With Bitcoins being used as a currency at a few online poker sites and being considered still by others, the recent seizure of accounts at the world’s largest Bitcoin exchange by the Department of Homeland Security (DHS) is closely being watched by the poker community.
Many are wondering if the shutdown of the Tokyo-based Mt. Gox will be the death knell of the 4-year-old Bitcoin in online poker. The digital currency is currently used by U.S.-friendly Seals With Clubs and mobile operator Switch Poker. Another site expected to launch this summer, Infiniti Poker, also plans to employ the use of Bitcoin currency for players in the U.S., while providing additional options for rest-of-world customers.
In light of the attack on Mt. Gox by the feds, it certainly doesn’t look promising for Bitcoin usage for online poker sites that cater to the U.S. market at the present time. However, the DHS prefers not to use the word “attack.” It is attempting to enforce registration of Bitcoins in an effort to control the digital currency.
I would imagine that it would be hard for U.S. players to embrace using Bitcoins as a currency if they have not already done so. The whole idea surrounding the regulations currently underway in various states such as Nevada and New Jersey is to protect players and their funds. With the DHS moving in, those funds in the form of Bitcoins certainly don’t look very safe.
The use of Bitcoins, which is not regulated by any governments, may scare many U.S. players away, at least right now. Especially the ones who are still waiting for reimbursements from Full Tilt, or those who played at Absolute Poker and UltimateBet. The latter will likely never see another dime. Those players won’t be all that eager to transact in a currency that the government is attempting to get its paws on. While there is, of course, no connection between a Bitcoin exchange and the Black Friday debacle, there are still millions of U.S. players who feel burned and lack confidence in using a non-regulated currency.
But just because Bitcoins are being targeted by the U.S. doesn’t mean that players in other countries won’t be able to use the online currency as an option for transacting funds at online poker sites. Governments of other countries do not seem as intent as the U.S. in grabbing some sort of control of the Bitcoin market. In fact, countries such as Canada seem to have embraced a hands-off policy regarding the digital currency.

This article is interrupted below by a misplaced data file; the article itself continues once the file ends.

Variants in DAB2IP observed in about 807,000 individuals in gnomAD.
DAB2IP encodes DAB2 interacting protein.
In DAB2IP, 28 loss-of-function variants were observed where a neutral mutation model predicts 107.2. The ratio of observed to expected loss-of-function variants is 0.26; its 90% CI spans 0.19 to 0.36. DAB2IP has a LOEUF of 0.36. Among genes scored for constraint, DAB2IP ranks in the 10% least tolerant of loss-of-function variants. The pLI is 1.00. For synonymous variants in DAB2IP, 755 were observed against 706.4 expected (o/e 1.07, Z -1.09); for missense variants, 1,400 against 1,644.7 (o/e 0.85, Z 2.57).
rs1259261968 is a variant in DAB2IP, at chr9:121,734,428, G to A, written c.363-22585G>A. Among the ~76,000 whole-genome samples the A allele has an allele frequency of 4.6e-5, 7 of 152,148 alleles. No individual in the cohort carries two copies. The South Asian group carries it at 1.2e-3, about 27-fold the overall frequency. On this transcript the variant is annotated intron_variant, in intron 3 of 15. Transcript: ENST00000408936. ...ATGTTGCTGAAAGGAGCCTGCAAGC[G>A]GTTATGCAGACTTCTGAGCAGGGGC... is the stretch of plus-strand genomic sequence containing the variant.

The fact that Mt. Gox is seen as an “unlicensed money service business” by U.S. authorities does not extend to Canada. A number of Bitcoin exchanges north of the U.S. border received letters from the Financial Transactions and Reports Analysis Centre of Canada (FINTRAC) that put the exchange operators’ minds at ease by informing them of being exempt from any money-laundering laws, the Register reported.
The letter to the Canada exchanges said that “the transfer of funds is simply a corollary of your actual service of buying and selling virtual currency. Therefore, you do not have to register your entity with us.”
Should the U.S. pass some sort of Bitcoin legislation, American investors may find themselves trading in Canada or other countries to avoid the U.S. regulations. That’s eerie similar to what many online poker players have done following Black Friday — relocated elsewhere. Again, there is no corolation to the April 15, 2011 shutdowns and Bitcoin trading. I’m merely making an observation.
The U.S. is very intent on stamping out money laundering and believes that unregulated Bitcoin trading is a prime way for criminals to move illicit funds. The feds liken digital currency trading with financial operations such as Western Union, who are required to report transactions greater than $10,000 in order to stop money laundering.
So the question remains, is there a future for Bitcoins in the world of online poker? That seemingly depends on who you talk to. Obviously, recent events at Mt. Gox do not bode well for expansion of Bitcoin usage in the U.S. online poker market at this moment. But that doesn’t necessarily mean that other parts of the world might not someday embrace Bitcoins in online poker.
But let’s forget about poker for a moment and contemplate whether Bitcoin trading itself will see a long future. Mike Caldwell, who created Casascius Coins, recently told theverge.com that Bitcoins will survive any future cyber attacks and continue to proliferate unless people lose interest. He stated that Bitcoin is the “embodiment of the idea that we now have the technology to democratize money.” As long as the demand is there, Bitcoin will survive unless something else comes along “that does a better job,” Caldwell added.
That sentiment was not echoed by Jack Alderson, an entrepreneur who claims that “Bitcoin is already dead.” Alderson made a good deal of money in Bitcoin trading, but is now defending some lawsuits related to those profits.
Let’s remember that Bitcoin has already survived huge cyber attacks, various technical glitches, and severe price fluctuations that made even the calmest traders succumb to panic attacks. After the media began earnestly reporting on Bitcoin about two years ago, the value of Bitcoins jumped to over $30, only to bottom out under $2 four months after. In recent months, the currency skyrocketed to over $200 (making many millionaires in the process), and now rests around $120.
Indeed, everyone seems to have a differing opinion on Bitcoin’s prospects of longevity. Whether or not the digital currency does survive remains unanswered. But the most positive remark seemed to come from trader Marak Squires, who attended the Bitcoin 2013 convention in San Jose along with more than 1,000 other Bitcoin devotees.
Of the future of Bitcoin, Marak said, “It only dies if you turn off the Internet.”